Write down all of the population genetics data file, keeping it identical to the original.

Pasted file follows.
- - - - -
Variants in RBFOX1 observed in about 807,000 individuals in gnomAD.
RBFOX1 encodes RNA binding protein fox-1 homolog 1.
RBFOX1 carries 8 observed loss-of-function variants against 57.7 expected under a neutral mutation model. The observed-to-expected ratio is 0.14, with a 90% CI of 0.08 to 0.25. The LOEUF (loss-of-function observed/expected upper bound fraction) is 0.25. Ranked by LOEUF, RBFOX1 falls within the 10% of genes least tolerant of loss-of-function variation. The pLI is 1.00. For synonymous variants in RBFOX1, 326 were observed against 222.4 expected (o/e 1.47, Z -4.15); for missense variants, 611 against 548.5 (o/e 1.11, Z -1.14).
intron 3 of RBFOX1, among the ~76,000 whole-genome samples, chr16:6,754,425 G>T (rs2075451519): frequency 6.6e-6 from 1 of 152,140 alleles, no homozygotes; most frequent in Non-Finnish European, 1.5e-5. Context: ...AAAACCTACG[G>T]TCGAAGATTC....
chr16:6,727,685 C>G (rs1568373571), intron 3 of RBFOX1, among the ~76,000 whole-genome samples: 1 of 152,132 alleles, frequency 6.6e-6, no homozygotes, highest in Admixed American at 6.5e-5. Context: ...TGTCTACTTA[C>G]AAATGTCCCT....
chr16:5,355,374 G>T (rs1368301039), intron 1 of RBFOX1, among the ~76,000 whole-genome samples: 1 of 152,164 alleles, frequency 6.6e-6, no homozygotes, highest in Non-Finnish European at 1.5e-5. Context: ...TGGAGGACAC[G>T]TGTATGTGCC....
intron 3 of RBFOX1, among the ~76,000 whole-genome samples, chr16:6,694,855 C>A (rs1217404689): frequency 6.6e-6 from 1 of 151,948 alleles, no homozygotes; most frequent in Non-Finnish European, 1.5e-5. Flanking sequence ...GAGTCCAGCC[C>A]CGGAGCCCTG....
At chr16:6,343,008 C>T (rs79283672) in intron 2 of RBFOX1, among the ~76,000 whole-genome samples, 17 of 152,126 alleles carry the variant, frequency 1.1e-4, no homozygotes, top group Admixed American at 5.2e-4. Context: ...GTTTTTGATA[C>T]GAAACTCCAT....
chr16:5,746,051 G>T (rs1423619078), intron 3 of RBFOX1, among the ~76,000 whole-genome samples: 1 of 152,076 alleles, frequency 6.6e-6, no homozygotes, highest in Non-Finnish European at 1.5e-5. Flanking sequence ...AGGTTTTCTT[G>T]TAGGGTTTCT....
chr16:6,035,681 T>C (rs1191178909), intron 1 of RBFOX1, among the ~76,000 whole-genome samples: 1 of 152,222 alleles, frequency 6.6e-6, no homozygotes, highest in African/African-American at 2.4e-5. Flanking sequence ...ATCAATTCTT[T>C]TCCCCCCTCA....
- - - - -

Variants in RBFOX1 observed in about 807,000 individuals in gnomAD.
RBFOX1 encodes RNA binding protein fox-1 homolog 1.
RBFOX1 carries 8 observed loss-of-function variants against 57.7 expected under a neutral mutation model. The observed-to-expected ratio is 0.14, with a 90% CI of 0.08 to 0.25. The LOEUF (loss-of-function observed/expected upper bound fraction) is 0.25. Ranked by LOEUF, RBFOX1 falls within the 10% of genes least tolerant of loss-of-function variation. The pLI is 1.00. For synonymous variants in RBFOX1, 326 were observed against 222.4 expected (o/e 1.47, Z -4.15); for missense variants, 611 against 548.5 (o/e 1.11, Z -1.14).
intron 3 of RBFOX1, among the ~76,000 whole-genome samples, chr16:6,754,425 G>T (rs2075451519): frequency 6.6e-6 from 1 of 152,140 alleles, no homozygotes; most frequent in Non-Finnish European, 1.5e-5. Context: ...AAAACCTACG[G>T]TCGAAGATTC....
chr16:6,727,685 C>G (rs1568373571), intron 3 of RBFOX1, among the ~76,000 whole-genome samples: 1 of 152,132 alleles, frequency 6.6e-6, no homozygotes, highest in Admixed American at 6.5e-5. Context: ...TGTCTACTTA[C>G]AAATGTCCCT....
chr16:5,355,374 G>T (rs1368301039), intron 1 of RBFOX1, among the ~76,000 whole-genome samples: 1 of 152,164 alleles, frequency 6.6e-6, no homozygotes, highest in Non-Finnish European at 1.5e-5. Context: ...TGGAGGACAC[G>T]TGTATGTGCC....
intron 3 of RBFOX1, among the ~76,000 whole-genome samples, chr16:6,694,855 C>A (rs1217404689): frequency 6.6e-6 from 1 of 151,948 alleles, no homozygotes; most frequent in Non-Finnish European, 1.5e-5. Flanking sequence ...GAGTCCAGCC[C>A]CGGAGCCCTG....
At chr16:6,343,008 C>T (rs79283672) in intron 2 of RBFOX1, among the ~76,000 whole-genome samples, 17 of 152,126 alleles carry the variant, frequency 1.1e-4, no homozygotes, top group Admixed American at 5.2e-4. Context: ...GTTTTTGATA[C>T]GAAACTCCAT....
chr16:5,746,051 G>T (rs1423619078), intron 3 of RBFOX1, among the ~76,000 whole-genome samples: 1 of 152,076 alleles, frequency 6.6e-6, no homozygotes, highest in Non-Finnish European at 1.5e-5. Flanking sequence ...AGGTTTTCTT[G>T]TAGGGTTTCT....
chr16:6,035,681 T>C (rs1191178909), intron 1 of RBFOX1, among the ~76,000 whole-genome samples: 1 of 152,222 alleles, frequency 6.6e-6, no homozygotes, highest in African/African-American at 2.4e-5. Flanking sequence ...ATCAATTCTT[T>C]TCCCCCCTCA....